If you were anywhere near the Center for the Arts, you couldn’t miss the Jackson Hole Community School graduation.
Arranged on the lawn were 26 yard signs, each bearing a senior’s smiling face. The same faces hung in the windows above the center’s amphitheater, the homages to the graduates ringing the proceeding.
Families gathered in the grass, lounged in low-slung lawn chairs. Teachers sat on blankets and former graduates gathered to celebrate their friends.
The intimacy of the entire affair was fitting for the small private school.
“Our trajectories will soon all splinter in different directions,” senior Tommy Berner told his peers. “But the family of 26 that has been formed over the last four years will forever have a special place in my heart.”
Berner was the glue that bound the ceremony together, the master of ceremonies. He shouted out classmates, teachers and family, remarking how he felt when his sister graduated four years ago from the Community School.
Those sorts of connections, successive siblings graduating from the school, are common at the Community School, an academically rigorous school with small classes. The setup allows students to become a “family,” as Berner put it.
That helped during the pandemic this past year, which made education in all its forms difficult.
“We’ve kept close and even strengthened our bond over the past year,” Berner said. “I’m incredibly grateful for such a fun, caring group of individuals that I’ve come to love like a family.”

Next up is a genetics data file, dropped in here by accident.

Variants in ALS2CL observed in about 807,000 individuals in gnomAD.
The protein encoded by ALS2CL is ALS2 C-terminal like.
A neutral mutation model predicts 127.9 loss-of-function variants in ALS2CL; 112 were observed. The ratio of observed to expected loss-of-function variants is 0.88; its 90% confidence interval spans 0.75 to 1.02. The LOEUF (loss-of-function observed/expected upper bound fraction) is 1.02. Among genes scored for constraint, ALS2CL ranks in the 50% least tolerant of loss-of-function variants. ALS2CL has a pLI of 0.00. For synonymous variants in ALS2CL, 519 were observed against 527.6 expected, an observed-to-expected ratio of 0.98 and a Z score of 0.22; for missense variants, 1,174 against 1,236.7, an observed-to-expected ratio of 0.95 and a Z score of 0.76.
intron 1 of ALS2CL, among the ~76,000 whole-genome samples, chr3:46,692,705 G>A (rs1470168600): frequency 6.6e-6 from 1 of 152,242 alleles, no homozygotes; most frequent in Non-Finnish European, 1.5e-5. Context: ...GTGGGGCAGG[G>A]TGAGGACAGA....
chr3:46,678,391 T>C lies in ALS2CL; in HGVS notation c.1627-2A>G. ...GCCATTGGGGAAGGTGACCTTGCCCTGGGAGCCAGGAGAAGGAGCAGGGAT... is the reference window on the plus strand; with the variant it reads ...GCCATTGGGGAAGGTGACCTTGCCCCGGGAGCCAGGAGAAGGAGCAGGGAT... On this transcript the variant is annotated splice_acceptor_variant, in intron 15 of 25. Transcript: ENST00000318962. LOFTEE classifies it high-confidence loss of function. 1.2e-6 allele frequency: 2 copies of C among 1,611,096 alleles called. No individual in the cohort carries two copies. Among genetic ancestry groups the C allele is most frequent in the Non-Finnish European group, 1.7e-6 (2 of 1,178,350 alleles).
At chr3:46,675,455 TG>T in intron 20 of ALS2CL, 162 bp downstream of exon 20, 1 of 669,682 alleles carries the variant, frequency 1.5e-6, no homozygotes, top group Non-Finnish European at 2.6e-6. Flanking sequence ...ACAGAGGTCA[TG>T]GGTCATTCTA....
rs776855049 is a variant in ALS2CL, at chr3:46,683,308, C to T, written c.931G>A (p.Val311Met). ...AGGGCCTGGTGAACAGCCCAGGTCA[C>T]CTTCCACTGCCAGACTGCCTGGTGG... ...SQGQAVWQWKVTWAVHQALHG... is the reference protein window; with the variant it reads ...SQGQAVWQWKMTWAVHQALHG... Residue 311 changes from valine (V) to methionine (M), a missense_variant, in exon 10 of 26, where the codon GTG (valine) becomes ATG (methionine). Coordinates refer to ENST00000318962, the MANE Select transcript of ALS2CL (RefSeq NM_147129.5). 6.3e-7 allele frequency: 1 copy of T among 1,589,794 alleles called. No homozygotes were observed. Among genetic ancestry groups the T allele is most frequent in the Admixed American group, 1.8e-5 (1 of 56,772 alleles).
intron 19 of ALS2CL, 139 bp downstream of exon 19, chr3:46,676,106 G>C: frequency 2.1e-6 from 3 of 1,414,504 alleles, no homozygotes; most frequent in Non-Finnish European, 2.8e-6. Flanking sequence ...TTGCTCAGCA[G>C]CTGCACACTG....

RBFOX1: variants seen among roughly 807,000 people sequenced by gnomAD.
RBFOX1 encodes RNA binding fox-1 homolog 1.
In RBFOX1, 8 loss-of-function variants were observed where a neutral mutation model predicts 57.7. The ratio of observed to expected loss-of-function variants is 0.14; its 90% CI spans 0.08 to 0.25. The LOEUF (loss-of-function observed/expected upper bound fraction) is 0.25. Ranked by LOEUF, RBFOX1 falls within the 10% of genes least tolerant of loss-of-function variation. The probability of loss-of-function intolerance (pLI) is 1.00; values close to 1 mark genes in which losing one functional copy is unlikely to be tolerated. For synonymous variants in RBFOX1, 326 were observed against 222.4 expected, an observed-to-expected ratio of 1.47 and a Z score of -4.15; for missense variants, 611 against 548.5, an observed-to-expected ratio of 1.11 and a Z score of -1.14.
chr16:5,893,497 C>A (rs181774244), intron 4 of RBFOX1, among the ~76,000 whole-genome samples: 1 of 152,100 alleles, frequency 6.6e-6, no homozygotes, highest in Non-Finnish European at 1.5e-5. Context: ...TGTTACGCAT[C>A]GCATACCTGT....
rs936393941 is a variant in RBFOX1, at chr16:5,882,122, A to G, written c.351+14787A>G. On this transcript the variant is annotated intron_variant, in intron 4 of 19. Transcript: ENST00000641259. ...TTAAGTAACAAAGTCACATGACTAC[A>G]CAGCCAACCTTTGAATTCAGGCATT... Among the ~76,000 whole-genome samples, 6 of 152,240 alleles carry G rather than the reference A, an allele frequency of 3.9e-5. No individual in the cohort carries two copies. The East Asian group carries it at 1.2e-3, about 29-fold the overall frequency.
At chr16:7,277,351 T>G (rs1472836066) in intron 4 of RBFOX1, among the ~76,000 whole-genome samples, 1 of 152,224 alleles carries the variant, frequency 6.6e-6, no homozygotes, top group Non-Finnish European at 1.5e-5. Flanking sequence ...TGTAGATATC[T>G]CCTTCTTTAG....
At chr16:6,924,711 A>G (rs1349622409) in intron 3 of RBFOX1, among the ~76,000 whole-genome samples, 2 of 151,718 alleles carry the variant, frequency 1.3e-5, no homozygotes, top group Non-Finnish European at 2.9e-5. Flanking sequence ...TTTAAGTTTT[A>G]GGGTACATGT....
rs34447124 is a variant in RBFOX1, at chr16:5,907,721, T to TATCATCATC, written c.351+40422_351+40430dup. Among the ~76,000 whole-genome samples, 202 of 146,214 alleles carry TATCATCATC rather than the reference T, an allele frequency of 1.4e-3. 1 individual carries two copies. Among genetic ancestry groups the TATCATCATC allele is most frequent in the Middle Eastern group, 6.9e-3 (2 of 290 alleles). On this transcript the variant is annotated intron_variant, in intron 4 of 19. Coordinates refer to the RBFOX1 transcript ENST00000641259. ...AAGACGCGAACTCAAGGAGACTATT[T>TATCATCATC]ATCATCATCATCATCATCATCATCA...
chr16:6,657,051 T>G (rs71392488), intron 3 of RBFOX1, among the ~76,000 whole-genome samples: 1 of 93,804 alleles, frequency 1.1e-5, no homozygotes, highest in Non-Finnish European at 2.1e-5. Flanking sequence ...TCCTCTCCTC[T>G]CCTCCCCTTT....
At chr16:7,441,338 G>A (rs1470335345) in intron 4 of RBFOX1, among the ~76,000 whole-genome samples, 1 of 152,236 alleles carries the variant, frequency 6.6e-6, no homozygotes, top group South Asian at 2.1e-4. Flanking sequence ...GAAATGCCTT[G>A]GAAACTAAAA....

Though nearly all the speakers mentioned the pandemic, it was often only to refer to the lessons the past year has allowed. Most of the ceremony was forward-looking, focused on students’ futures.
Keynote speaker K. Dane Snowden, CEO of the Internet Association, a trade group, talked about the transition students will undergo in the next year. Up until high school graduation, kids’ lives are, in large part, dictated by parents and teachers, even at an institution like the Community School.
College and other post-secondary endeavors are often people’s first forays into adulthood, an opportunity to chart their own courses. That freedom can be overwhelming, but it’s also liberating to become “the CEO of your own life,” Snowden said.
Moving into that phase requires a bit of self-reflection, he said. He left them with a directive to help with that process: Without cellphones or headphones, they should take a 60-minute walk, alone, a sort of meditation on their futures.
“Just you and your thoughts — let your mind wander,” he said. “You’ll be amazed at what you’ll discover when you quiet the outside noise and just allow yourself to be present.”
Perhaps nowhere was the school’s intimacy more evident than during Director of College Counseling David Heinemann’s introductions of the students. Heinemann said he’s worked at the school for 15 years, so he’s seen a fair number of graduates.
Still, it took no time at all for the emotion of the moment to hit him, his voice breaking and pausing as he started into his first speech.
“I know my colleagues up there are going, ‘Really, David, come on, five sentences and you’re already crying,’ ” he said. “And I haven’t even started talking about these guys,” gesturing to the students.
Heinemann described each student, their activities, personalities, struggles and triumphs, going off script several times to discuss a recent faculty-student softball game. His recollections included vivid details that revealed the close connection between students and their teachers at the school, and he greeted the kids with a hug at the end of each oratory.
Afterward, when the students had their degrees and they drifted away with family and friends, the pictures of the graduates still hung in the window of the Center for the Arts, smiling down as one chapter of life ended and another began.